Whether new to the college scene or a seasoned student, creating a successful college experience takes work for most. Unlike high school, college is education that students pay for through loans, scholarships or savings.
“You’ll want to make sure that investment pays off by getting good grades,” says Amanda Castro, the director of Prospective Student Services at the University of Oklahoma..
“I think it’s very important for students to have a life outside of their studies. Finding time for everything you want and need to do is all about prioritizing your day.”
For some students, that can be easier said than done.
“I have found that many students simply did not have to study in high school,” says J.J. Smith, assistant director of Student Services at Oklahoma State University-Tulsa. “The material covered came easy to them, and they truly haven’t learned how to study.”
Smith says the best advice he can offer incoming students is to not procrastinate. The theory is that students should study two hours for every hour they spend in class, she says.
“If a student is taking 15 credit hours, they should reserve 30 hours a week for studying,” says Smith.
Despite best efforts, there may be a time students find themselves struggling, says Castro.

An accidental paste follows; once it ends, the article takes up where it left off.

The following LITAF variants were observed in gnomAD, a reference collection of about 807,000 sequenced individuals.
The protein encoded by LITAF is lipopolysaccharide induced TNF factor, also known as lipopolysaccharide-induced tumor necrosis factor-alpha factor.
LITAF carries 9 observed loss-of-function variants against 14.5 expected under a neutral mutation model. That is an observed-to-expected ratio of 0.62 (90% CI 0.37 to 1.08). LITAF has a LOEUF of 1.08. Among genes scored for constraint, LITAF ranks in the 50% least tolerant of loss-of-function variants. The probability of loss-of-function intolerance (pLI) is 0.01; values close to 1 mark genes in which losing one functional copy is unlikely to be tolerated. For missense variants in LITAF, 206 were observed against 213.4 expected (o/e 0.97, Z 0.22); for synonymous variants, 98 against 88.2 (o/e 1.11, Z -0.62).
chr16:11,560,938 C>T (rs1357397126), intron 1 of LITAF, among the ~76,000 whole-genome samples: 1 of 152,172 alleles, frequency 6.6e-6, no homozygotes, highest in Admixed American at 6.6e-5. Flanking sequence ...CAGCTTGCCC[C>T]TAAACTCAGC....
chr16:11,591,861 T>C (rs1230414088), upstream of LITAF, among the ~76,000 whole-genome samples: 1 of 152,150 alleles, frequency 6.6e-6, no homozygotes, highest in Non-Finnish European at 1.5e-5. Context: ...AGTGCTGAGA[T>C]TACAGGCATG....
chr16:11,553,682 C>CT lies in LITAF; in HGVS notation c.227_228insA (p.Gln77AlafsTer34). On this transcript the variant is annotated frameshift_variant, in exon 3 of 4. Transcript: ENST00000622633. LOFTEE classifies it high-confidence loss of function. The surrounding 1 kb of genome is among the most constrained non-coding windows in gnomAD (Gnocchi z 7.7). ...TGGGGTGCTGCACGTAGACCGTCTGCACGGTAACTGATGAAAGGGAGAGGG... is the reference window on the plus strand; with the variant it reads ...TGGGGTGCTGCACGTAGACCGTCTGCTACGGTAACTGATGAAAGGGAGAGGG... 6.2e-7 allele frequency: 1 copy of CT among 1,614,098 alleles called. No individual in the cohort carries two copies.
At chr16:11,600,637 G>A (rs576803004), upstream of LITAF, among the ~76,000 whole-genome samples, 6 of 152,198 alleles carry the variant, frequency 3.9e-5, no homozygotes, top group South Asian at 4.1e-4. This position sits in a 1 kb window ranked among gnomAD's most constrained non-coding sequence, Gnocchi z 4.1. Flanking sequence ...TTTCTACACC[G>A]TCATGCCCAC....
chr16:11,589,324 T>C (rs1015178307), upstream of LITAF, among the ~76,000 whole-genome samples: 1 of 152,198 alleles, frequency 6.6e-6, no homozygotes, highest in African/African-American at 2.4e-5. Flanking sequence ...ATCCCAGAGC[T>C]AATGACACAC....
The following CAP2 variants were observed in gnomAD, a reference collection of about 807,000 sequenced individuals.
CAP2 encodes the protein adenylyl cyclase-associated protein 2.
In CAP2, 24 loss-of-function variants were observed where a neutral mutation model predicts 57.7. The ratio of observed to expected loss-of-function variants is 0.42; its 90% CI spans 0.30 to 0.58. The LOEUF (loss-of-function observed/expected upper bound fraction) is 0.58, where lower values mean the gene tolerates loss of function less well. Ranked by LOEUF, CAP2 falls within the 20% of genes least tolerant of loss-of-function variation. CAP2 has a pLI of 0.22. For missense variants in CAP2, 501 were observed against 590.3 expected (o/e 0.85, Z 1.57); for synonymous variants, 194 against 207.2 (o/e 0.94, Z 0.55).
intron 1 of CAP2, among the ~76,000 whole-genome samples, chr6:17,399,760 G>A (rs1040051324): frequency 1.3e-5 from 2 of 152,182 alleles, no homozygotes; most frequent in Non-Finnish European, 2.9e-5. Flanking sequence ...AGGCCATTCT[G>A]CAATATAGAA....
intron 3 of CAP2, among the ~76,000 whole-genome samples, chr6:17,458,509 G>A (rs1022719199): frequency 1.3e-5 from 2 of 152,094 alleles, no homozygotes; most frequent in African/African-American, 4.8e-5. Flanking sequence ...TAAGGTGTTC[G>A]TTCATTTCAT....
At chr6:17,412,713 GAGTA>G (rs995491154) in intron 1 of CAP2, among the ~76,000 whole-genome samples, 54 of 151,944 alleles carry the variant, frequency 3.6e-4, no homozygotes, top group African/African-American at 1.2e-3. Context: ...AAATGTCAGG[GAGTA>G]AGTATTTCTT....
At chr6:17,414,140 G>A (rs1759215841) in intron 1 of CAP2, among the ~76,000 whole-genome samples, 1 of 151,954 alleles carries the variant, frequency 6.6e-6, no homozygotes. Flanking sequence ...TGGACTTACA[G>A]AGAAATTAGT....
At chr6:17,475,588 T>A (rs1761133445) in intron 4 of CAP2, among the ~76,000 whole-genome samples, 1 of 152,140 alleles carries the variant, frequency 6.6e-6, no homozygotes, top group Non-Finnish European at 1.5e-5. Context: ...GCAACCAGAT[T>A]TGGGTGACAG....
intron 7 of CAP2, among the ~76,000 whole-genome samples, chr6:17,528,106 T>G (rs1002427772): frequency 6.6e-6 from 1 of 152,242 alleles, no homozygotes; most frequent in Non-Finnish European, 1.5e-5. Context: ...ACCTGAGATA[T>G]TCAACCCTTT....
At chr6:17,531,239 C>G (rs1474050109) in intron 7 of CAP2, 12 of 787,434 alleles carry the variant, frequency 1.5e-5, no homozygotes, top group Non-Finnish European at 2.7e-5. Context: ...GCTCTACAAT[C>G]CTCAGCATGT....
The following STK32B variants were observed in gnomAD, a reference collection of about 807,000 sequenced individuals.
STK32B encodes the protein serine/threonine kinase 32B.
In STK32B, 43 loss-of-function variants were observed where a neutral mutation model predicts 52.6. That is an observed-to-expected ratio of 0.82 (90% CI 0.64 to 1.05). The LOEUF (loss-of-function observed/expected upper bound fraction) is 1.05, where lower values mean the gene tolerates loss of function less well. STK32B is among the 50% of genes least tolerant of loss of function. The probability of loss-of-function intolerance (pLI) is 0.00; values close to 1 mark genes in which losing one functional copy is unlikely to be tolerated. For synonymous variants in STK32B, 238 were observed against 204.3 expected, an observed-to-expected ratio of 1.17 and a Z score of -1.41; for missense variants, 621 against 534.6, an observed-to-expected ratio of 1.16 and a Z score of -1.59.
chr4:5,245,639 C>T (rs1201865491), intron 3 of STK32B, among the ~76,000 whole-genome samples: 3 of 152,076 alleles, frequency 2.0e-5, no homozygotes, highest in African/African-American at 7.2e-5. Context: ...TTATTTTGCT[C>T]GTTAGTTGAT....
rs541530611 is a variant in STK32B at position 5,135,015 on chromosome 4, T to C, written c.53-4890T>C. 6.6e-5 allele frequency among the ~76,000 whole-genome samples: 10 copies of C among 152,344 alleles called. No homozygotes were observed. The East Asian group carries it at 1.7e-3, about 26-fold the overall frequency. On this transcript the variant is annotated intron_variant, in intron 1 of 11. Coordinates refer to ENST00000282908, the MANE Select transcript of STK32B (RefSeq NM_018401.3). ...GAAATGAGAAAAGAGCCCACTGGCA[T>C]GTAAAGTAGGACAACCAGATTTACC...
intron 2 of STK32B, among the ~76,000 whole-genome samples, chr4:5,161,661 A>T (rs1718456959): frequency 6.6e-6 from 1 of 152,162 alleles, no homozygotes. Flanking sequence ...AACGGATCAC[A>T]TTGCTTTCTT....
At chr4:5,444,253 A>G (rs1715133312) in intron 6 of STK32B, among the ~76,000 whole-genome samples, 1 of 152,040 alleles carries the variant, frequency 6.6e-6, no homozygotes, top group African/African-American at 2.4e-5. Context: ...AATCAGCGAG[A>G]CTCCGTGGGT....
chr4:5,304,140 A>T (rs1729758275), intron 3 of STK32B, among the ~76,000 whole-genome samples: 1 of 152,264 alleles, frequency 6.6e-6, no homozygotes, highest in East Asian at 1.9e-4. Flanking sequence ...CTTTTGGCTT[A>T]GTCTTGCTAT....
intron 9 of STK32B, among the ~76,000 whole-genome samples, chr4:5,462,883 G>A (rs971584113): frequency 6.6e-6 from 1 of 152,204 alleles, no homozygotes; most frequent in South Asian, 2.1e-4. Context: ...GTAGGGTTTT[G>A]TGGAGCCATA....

“College is different than high school for a reason,” says Castro. “This transition takes students from a highly structured high school environment to a highly unstructured one in college. If there is one skill that students need when they get to college, it is time management,” she says.
However, the best college experience can be all about finding the right balance, says Smith.
“Too much of anything can be bad for a person,” Smith says. “I think it’s very important for students to have a life outside of their studies. Finding time for everything you want and need to do is all about prioritizing your day.”
Smith suggests that students make a list of things they need to do along with an estimation of how long it will take to complete the tasks. Rate each task by importance, he adds, then start to work on the list.
“Typically, lack of planning is what causes most students to feel stressed in their day-to-day schedule,” says Smith.
Finally, it’s never too early for students to start planning what they will do after earning a degree.
“Students can begin working with a career services department on their resumes and interviewing skills long before a job search begins,” Castro says. “The advice they can give will assist students in becoming the most competitive candidate for a job.”
Through coaching, counseling, practice interviewing and more, students who seek these services should walk into the job market ready to showcase themselves, she adds.
“Typically, employers are looking to hire students during the fall semester of their senior year,” adds Smith. “Students without any field experience will have a more difficult time landing that dream job.”
Some students don’t know how to take notes that will work for them. There are a ton of books on note taking in the library, and most writing centers have tips on how to take better notes.
Many students wait until night to study, but most individuals learn best during daylight hours. Figure out what time works best and make it happen.
Find the appropriate study area. Some need absolute quiet, while others work best with a lot happening around them.
Limit interruptions. Turn off the electronics, including cell phones.
– J.J. SMITH, OKLAHOMA STATE
UNIVERSITY – TULSA.